THOSE of us who were teenagers in the Swinging Sixties are Grannies now, and we might have forgotten the froth of beehive backcombs, clashing colours and the constant battle to get away with school skirts more than four inches above the knee, but – decades on – we realise we were living through a youth-led rebellion against accepted values and prejudices almost unrecognisable (indeed, illegal) in 2011, writes Joan Anderson.
It took a group of amazing 10–16 year olds from Deeside to bring it all flooding back in a glorious blaze of music, dance and song. Oh, and humour in bucketloads. It’s hard to know where to start with the plaudits for Deeside Youth Musical Theatre’s production of Hairspray, at Aboyne Community Theatre, on March 11 and 12.
Heather Stodter was a star as the spunky heroine Tracy Turnblad whose talent and compassion helped her lead the fight against racism, fatism and the idea that outer beauty is the only value that counts. Heather’s lovely voice and magnetic personality carried the strong storyline through comedy and chaos, much of which was generated by her mother Edna, played by Rory Beaton in a fatsuit, in all senses the largest, funniest dame to grace the Aboyne stage this century. His asides to the adults were Les Dawson at his peak.
There were so many highlights, especially his explosive entrance midstage in red spangles and a shower of sparkles. Surely, his mildly raunchy duet with “husband” Wilber, played to perfection by Connah O’Reilly-McLean, had us FOTFLOL…that’s Falling on the Floor Laughing Out Loud for my fellow ageing beatnicks. Now, that’s entertainment!
The whole cast delivered Hairspray to perfection with polish and attention to detail that spoke of hours of dedicated preparation and a wealth of backup, direction, production and musical talent.
Halla Price was endearing as Tracy’s slightly dippy friend, Sian Fish stunningly convincing as the beautiful bitch and Imogen Appleton superbly scary as the bitch’s mom. All three, along with Rory, Heather and the very funny Jenny Martin, performed complex six-way singing and choreography worthy of professionals in Mama I’m a Big Girl Now.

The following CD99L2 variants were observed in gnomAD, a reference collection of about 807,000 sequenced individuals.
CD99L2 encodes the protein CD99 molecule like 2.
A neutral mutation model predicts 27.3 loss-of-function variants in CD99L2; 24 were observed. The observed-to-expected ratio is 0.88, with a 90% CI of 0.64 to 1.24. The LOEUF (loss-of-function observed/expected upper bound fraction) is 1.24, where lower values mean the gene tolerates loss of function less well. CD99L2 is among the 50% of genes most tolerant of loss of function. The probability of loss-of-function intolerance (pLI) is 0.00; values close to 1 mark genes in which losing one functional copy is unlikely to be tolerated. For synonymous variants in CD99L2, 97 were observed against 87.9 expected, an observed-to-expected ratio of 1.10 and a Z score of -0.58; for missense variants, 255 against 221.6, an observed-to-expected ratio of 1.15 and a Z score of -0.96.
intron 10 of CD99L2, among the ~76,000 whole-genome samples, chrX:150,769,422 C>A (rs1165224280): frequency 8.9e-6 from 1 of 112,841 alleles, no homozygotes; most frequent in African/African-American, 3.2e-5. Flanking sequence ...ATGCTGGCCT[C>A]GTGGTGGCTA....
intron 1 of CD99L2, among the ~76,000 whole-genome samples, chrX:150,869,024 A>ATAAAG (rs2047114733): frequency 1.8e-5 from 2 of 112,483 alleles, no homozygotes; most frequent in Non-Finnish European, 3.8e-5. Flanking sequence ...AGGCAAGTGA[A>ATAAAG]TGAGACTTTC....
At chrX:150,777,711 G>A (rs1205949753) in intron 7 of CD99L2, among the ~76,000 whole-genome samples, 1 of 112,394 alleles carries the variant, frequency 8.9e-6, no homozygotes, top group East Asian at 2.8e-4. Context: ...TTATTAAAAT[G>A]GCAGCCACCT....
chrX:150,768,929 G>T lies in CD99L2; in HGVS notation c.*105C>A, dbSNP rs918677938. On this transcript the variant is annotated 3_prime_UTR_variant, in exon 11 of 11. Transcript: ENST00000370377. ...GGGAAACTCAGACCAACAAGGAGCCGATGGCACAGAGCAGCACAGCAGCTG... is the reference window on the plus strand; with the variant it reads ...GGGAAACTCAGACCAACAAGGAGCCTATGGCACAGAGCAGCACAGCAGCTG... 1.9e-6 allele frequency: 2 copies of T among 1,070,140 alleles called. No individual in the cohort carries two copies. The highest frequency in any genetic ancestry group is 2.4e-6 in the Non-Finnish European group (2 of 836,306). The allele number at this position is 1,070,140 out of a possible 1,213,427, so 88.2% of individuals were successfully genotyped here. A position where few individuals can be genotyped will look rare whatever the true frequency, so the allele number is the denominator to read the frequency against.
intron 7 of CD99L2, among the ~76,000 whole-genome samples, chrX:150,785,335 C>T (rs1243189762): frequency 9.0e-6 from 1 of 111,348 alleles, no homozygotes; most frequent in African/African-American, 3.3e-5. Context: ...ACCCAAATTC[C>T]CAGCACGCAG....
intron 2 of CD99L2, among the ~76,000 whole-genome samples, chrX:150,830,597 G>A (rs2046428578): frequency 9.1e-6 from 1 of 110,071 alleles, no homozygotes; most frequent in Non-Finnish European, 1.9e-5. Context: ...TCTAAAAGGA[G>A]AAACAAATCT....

There were so many good singers in this show who produced tingles up the spine and the American accents were remarkably authentic and consistent throughout.
Nathan King gave us shades of Sinatra as showstopper Corny; Brad Arthur was like a young Elvis as smoothy Link Larkin and a truly marvellous performance by Coralie Arthur as Motormouth Maybelle helped keep the message of struggle for equality in mind, especially when she touched the soul with the lovely deep spiritual sound of I Know Where I’ve Been. Bob O’Reilly-McLean and Danielle Kemp both shone as Motormouth’s teenage children, particularly when they led the cast in the lively Run and Tell That. Bouquets, too, to the Dynamites, Abigail Thomson, Ellie Palmer, Elsa Brotchie and Isla Kitching whose singing, dancing and support were vital to making this one of the most memorable musicals in Upper Deeside.
The youngsters who took part were a credit to their families, schools and communities, proving that while teenagers might still be misunderstood 50 years on, each generation has its merits and there is hope for us all.